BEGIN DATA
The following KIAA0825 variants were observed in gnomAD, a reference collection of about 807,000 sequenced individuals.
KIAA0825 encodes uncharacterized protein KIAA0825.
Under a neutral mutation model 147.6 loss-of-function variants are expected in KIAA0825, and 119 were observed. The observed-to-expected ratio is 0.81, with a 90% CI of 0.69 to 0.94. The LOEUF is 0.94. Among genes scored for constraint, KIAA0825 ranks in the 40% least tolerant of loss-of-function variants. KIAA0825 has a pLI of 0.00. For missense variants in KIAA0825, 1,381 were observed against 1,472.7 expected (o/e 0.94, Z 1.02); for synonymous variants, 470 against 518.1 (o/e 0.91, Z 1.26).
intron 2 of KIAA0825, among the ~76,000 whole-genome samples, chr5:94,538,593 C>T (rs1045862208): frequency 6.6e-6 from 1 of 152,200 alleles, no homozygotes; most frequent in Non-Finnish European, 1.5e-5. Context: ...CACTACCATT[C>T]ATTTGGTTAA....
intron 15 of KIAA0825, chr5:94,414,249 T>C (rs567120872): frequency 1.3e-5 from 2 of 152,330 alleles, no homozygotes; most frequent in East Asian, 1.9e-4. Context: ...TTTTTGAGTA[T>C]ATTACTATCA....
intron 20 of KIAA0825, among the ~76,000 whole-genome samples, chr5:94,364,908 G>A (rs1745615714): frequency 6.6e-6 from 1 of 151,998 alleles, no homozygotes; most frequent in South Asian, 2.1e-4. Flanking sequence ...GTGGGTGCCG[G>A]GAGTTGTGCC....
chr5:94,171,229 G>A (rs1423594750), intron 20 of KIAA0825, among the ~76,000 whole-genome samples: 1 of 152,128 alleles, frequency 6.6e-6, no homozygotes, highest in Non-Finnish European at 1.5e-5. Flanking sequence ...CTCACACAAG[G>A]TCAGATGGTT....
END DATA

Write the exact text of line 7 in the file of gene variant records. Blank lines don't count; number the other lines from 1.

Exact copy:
chr5:94,171,229 G>A (rs1423594750), intron 20 of KIAA0825, among the ~76,000 whole-genome samples: 1 of 152,128 alleles, frequency 6.6e-6, no homozygotes, highest in Non-Finnish European at 1.5e-5. Flanking sequence ...CTCACACAAG[G>A]TCAGATGGTT....